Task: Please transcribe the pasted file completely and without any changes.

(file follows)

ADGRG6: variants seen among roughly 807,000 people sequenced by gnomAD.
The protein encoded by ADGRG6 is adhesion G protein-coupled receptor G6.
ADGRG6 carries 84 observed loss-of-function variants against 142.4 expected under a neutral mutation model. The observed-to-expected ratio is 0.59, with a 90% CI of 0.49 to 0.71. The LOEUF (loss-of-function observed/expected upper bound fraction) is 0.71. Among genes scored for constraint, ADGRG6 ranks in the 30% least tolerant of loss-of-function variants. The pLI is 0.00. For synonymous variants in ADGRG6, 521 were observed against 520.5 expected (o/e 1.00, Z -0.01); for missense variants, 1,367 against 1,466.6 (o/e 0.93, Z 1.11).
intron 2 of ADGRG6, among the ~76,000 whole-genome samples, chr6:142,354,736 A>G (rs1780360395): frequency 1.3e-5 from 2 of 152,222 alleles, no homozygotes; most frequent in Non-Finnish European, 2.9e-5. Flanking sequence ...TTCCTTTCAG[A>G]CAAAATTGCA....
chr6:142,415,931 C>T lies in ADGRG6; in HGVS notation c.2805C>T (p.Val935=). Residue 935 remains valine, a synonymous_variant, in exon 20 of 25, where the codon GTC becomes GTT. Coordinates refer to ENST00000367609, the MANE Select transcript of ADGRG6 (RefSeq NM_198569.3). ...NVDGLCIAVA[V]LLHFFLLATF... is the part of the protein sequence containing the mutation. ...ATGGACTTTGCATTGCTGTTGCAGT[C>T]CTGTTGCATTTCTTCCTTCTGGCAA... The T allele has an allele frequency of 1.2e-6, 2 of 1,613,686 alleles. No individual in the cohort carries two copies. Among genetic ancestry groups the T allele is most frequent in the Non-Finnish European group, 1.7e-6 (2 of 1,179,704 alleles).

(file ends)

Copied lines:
ADGRG6: variants seen among roughly 807,000 people sequenced by gnomAD.
The protein encoded by ADGRG6 is adhesion G protein-coupled receptor G6.
ADGRG6 carries 84 observed loss-of-function variants against 142.4 expected under a neutral mutation model. The observed-to-expected ratio is 0.59, with a 90% CI of 0.49 to 0.71. The LOEUF (loss-of-function observed/expected upper bound fraction) is 0.71. Among genes scored for constraint, ADGRG6 ranks in the 30% least tolerant of loss-of-function variants. The pLI is 0.00. For synonymous variants in ADGRG6, 521 were observed against 520.5 expected (o/e 1.00, Z -0.01); for missense variants, 1,367 against 1,466.6 (o/e 0.93, Z 1.11).
intron 2 of ADGRG6, among the ~76,000 whole-genome samples, chr6:142,354,736 A>G (rs1780360395): frequency 1.3e-5 from 2 of 152,222 alleles, no homozygotes; most frequent in Non-Finnish European, 2.9e-5. Flanking sequence ...TTCCTTTCAG[A>G]CAAAATTGCA....
chr6:142,415,931 C>T lies in ADGRG6; in HGVS notation c.2805C>T (p.Val935=). Residue 935 remains valine, a synonymous_variant, in exon 20 of 25, where the codon GTC becomes GTT. Coordinates refer to ENST00000367609, the MANE Select transcript of ADGRG6 (RefSeq NM_198569.3). ...NVDGLCIAVA[V]LLHFFLLATF... is the part of the protein sequence containing the mutation. ...ATGGACTTTGCATTGCTGTTGCAGT[C>T]CTGTTGCATTTCTTCCTTCTGGCAA... The T allele has an allele frequency of 1.2e-6, 2 of 1,613,686 alleles. No individual in the cohort carries two copies. Among genetic ancestry groups the T allele is most frequent in the Non-Finnish European group, 1.7e-6 (2 of 1,179,704 alleles).